I have the following system of differential equations; $$ \frac{dx}{dt} = y \tag{1}\label{1}\\ $$ $$ \frac{dy}{dt} = -\lambda^2 x -A \tag{2} \label{2} $$ where $\lambda$ and $A$ values are known values, we also further have the following initial condition values; $$ x_0=x(0) = 0.5 \\ y_0=y(0) =\left. \frac{dx}{dt} \right\vert_{x=0} = 0.25 $$ 1)How do I solve this system using RK4 method?

My attempt

According to RK4 method we get \begin{aligned} x_{n+1}&=x_{n}+{\frac {1}{6}}h\left(k_{1}+2k_{2}+2k_{3}+k_{4}\right),\\ t_{n+1}&=t_{n}+h \end{aligned} where \begin{aligned}k_{1}&=\ y_{n},\\k_{2}&=\ y_{n}+h{\frac {k_{1}}{2}},\\k_{3}&=\ y_{n}+h{\frac {k_{2}}{2}},\\k_{4}&=\ y_{n}+hk_{3}.\end{aligned}

2)After this, should I take $x_n$ or $x_{n+1}$ value for calculating $\eqref{2}$?

3)How do I use matrices to solve this system?


1 Answer 1


This question gets often asked. I'd like to speculate that there are 3 stages to understanding numerical ODE methods of the Runge-Kutta variety:

  1. low-order methods applied to the scalar case,
  2. transition to population models or mechanical second-order equations with 2 or 3 components,
  3. the final insight that all methods for scalar first-order equations (except Kutta's 5th order method) apply without restriction to first-order systems, and that all ODE systems can be transformed to such first-order systems.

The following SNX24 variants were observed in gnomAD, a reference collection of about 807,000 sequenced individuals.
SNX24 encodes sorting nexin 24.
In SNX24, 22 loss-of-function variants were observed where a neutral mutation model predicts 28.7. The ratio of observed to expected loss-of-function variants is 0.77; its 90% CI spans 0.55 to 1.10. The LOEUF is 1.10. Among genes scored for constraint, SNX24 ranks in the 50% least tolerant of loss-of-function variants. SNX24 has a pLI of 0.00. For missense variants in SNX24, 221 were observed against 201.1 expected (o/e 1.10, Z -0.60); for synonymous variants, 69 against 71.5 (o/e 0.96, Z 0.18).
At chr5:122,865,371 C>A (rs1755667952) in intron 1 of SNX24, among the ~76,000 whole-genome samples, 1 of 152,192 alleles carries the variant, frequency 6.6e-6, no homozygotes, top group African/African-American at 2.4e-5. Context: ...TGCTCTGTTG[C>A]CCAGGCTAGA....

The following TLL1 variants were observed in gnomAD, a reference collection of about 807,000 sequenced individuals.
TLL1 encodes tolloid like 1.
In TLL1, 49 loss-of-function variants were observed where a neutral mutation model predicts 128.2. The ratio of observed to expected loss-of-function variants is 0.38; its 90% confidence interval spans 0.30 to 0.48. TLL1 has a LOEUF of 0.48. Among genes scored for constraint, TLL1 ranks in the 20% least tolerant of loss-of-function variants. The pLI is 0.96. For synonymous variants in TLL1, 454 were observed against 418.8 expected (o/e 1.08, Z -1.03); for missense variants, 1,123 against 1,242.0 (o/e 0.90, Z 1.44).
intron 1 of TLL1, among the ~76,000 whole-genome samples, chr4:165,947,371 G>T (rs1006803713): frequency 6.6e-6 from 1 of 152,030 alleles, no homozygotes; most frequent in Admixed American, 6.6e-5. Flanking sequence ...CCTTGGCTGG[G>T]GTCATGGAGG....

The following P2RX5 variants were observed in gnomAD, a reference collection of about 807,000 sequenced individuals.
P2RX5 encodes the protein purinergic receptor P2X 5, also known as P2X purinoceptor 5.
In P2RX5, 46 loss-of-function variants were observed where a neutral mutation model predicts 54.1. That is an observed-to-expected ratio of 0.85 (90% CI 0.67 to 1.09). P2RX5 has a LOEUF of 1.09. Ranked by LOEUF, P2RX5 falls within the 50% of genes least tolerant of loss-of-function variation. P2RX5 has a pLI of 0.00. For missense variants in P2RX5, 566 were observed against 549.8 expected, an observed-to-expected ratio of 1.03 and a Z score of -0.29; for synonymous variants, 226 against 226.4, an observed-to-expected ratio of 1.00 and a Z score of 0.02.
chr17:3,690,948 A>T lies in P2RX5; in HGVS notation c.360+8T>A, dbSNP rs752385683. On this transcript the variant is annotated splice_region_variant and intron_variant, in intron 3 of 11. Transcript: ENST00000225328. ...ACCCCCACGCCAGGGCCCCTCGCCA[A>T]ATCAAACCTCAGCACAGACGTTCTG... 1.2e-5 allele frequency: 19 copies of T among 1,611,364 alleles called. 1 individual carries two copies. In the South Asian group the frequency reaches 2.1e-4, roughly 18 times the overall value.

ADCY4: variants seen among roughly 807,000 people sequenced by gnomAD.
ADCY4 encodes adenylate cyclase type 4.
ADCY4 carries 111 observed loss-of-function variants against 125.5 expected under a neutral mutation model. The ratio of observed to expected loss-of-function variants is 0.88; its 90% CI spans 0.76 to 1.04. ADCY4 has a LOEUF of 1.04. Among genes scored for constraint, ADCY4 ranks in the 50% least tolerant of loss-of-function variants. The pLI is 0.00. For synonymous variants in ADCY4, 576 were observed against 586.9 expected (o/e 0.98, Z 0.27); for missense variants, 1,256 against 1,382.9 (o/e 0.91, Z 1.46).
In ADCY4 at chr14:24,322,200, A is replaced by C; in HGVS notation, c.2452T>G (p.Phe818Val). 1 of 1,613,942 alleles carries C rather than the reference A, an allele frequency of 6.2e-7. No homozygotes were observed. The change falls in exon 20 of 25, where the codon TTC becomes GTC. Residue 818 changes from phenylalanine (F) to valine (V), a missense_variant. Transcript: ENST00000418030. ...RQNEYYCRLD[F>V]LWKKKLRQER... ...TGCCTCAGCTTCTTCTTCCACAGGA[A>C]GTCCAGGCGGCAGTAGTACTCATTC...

There appears to be a mental block to the idea to put all components of the system into one flat vector and then treat that vector like a scalar (in this context), also separating the numerical method from the dynamical model. I think that to overcome this block seems to be a short period in the learning curve. I believe that this is the reason that the example code in compendiums like wikipedia, rosetta-code etc. is mostly geared to the scalar case, phase 1 will not yet reliably understand the multi-component case and phase 3 knows that, up to some trivial overhead, the same code structure can be used, and the scalar-case code is a little more compact to write down.

Some links that contain the treatment of second order DE or systems of DE (like mechanical assemblages, celestial systems, ...) using the RK4 method

Applying the vectorized RK4 method to a first-order system constructed from a higher-order equation

Applying RK4 to the first-order system component-wise

Using the second-order structure of the equation or system


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